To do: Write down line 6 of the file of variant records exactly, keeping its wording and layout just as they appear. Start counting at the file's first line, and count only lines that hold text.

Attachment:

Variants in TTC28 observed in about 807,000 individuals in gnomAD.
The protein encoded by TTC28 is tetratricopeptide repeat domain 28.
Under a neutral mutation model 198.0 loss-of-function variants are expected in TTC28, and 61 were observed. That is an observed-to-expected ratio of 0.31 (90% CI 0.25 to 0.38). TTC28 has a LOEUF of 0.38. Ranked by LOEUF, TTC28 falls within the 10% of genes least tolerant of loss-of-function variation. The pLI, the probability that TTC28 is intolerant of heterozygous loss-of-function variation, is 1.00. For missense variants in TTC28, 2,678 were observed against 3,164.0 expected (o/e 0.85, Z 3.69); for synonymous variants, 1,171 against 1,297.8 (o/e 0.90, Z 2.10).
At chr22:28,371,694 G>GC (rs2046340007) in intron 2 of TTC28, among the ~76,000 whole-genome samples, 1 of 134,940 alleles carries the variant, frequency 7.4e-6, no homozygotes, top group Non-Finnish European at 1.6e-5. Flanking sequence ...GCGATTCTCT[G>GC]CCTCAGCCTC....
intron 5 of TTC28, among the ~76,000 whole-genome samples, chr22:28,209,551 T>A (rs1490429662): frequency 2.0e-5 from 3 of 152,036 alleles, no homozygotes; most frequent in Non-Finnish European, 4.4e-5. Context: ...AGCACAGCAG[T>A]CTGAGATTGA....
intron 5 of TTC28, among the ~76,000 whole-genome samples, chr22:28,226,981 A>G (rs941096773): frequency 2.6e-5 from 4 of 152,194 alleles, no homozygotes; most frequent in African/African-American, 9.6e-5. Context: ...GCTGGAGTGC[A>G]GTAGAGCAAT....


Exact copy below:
intron 5 of TTC28, among the ~76,000 whole-genome samples, chr22:28,226,981 A>G (rs941096773): frequency 2.6e-5 from 4 of 152,194 alleles, no homozygotes; most frequent in African/African-American, 9.6e-5. Context: ...GCTGGAGTGC[A>G]GTAGAGCAAT....